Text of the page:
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Earlier this week we had a session at the office with April Edwards from Microsoft about Azure Logic Apps;


While this is something I had been aware of before it is something I had never seriously looked at. After the session had finished I decided to have a quick play and ended up creating an application where I ended up having to troll myself on Twitter to test it.

While Logic Apps are a quite simple concept, they do allow you to build surprisingly powerful applications from the comfort of the Azure Portal. However, my application was not going to be complex. It would search Twitter for a keyword, which would be my Twitter handle, take the content of the tweet and pass it through the Azure Cognitive Service to discover the sentiment of the tweet and then, depending on the results, posts it to a Slack channel as either Happy or Sad.

After connecting my Twitter and Slack accounts and generating API keys for the Text Analytics part of the Azure Cognitive Service, I moved on to the Logic App designer. Here I built the application, a full version of which can be found below;

Azure Logic App


As you can see, with a few simple boxes I was able to build my application with no problem at all. The following steps are performed each time the Logic App is called;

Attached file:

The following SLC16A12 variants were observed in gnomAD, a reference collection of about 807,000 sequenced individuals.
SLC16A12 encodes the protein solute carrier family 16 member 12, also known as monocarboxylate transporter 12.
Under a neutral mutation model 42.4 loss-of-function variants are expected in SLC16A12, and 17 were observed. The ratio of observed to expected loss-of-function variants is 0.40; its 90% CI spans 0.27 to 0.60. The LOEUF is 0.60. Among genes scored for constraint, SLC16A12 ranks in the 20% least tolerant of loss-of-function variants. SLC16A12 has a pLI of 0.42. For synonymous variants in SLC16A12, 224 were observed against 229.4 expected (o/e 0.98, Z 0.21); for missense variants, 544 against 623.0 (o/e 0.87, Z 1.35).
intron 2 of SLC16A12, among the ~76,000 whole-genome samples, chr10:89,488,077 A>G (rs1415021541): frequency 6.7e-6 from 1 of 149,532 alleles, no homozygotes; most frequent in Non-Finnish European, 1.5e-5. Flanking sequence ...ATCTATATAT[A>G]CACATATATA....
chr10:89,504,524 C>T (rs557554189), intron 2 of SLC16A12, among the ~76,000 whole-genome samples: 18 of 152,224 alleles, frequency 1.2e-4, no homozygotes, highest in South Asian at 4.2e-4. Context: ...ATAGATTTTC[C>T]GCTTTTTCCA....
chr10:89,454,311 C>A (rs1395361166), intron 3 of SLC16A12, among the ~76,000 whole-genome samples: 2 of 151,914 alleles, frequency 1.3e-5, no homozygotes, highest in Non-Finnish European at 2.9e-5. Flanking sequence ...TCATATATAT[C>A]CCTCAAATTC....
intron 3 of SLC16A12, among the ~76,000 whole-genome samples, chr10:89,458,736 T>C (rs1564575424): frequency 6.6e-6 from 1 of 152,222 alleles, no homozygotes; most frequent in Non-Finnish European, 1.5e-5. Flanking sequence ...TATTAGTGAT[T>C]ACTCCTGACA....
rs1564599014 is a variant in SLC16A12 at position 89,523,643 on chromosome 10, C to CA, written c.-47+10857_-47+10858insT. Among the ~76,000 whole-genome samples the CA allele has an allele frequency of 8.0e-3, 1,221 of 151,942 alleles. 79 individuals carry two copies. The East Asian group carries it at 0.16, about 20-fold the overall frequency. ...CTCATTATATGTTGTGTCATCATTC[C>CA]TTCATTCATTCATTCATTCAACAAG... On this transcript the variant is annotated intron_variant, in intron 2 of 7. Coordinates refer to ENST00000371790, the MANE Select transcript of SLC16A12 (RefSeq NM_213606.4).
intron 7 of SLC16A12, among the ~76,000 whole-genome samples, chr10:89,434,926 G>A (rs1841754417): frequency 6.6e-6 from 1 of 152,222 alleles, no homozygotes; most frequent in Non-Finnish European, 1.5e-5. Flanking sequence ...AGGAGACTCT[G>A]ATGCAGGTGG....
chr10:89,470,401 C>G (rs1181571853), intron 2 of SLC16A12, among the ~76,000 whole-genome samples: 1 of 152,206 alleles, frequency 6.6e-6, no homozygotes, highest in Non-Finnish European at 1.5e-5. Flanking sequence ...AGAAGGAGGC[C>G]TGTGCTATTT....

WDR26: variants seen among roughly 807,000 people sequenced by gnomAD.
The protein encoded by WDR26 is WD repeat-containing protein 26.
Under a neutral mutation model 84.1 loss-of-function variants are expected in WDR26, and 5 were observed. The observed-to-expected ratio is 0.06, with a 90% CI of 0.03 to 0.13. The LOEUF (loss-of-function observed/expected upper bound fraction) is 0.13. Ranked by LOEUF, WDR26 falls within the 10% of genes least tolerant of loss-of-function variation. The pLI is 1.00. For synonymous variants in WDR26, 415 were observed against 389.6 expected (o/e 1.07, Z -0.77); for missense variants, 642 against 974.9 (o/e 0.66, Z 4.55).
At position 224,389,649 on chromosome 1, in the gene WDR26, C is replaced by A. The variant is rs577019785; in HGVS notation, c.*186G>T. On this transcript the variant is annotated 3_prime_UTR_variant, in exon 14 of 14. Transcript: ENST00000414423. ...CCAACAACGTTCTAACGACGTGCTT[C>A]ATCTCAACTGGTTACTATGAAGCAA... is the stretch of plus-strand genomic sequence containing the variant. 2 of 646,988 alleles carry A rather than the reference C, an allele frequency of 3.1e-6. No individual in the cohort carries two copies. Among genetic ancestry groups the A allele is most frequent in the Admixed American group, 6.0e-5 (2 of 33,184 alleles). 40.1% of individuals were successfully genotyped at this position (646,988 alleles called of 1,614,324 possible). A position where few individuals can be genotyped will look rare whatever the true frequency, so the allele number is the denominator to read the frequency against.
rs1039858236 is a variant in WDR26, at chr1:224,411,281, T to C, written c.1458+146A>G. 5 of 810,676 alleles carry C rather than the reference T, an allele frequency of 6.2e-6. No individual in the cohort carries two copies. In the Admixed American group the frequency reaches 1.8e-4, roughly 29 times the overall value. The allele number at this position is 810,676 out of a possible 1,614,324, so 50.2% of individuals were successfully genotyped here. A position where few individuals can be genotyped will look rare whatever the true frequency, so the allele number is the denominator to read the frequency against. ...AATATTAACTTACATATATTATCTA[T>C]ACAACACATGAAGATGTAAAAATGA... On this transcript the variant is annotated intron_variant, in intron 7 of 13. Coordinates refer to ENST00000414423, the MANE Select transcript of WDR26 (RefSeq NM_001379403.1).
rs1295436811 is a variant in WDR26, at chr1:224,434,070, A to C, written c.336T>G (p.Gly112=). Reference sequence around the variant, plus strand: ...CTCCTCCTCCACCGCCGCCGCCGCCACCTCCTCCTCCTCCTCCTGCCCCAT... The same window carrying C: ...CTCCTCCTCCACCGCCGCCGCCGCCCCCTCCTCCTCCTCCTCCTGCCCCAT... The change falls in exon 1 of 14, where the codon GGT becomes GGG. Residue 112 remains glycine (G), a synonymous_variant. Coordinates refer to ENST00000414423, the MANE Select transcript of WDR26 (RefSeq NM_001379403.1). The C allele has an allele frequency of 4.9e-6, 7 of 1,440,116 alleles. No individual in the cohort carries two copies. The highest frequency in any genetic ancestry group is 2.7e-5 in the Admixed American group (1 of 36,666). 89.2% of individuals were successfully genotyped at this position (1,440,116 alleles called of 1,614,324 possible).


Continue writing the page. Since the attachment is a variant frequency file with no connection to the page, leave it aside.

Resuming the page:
• Checks for any mentions of “russmckendrick” on Twitter. If there is one it collects the details of the tweet (don’t try changing the mention to something like “trump” – you get a lot of results!)
  • The content of the tweet is sent to the Azure Cognitive Service where it is analysed and given a score which represents the sentiment of the tweet. The scores ranges from 0 to 1, with 0 being negative and 1 being positive.
  • Once we have a score we can route the tweet to Slack. If the score is 0.4 and below it’s classed as “Sad” and a message is posted by “Sad Bot”. If the score is above it’s classed as “Happy” and is posted by “Happy Bot”.


Once the application was built it was time to test it. As I had just got into the office I decided to complain about my lack of coffee;


Once I had a cup of coffee I congratulated myself;


However, I wasn’t impressed when I had finished it;


Within a few minutes of posting each tweet the Logic App had found the tweet, detected the sentiment and posted as the correct bot in the demo channel we have;

Azure Logic App


While it took a minute or two to execute, this was only because the interval was set to three minutes, the Logic App itself took less than a few seconds to execute.

So, what was the point of this?

Well, engaging the wider business and being able to demonstrate how Azure services such as Logic App and Cognitive Services work and bring value is absolutely key to innovation. This project can be replicated quickly and using social media sentimental analysis as a use case, it is something the whole business can identify with and understand. Already in our business this has spawned lots of ideas on how Logic Apps and Cognitive can be applied to more complex use cases and improve our client experience.

Russ McKendrick

Russ McKendrick

Practice Manager (SRE & DevOps)

Russ heads up the SRE & DevOps team here at N4Stack.

He's spent almost 25 years working in IT and related industries and currently works exclusively with Linux.

When he's not out buying way too many records, Russ loves to write and has now published six books.

To find out more about Russ click here!

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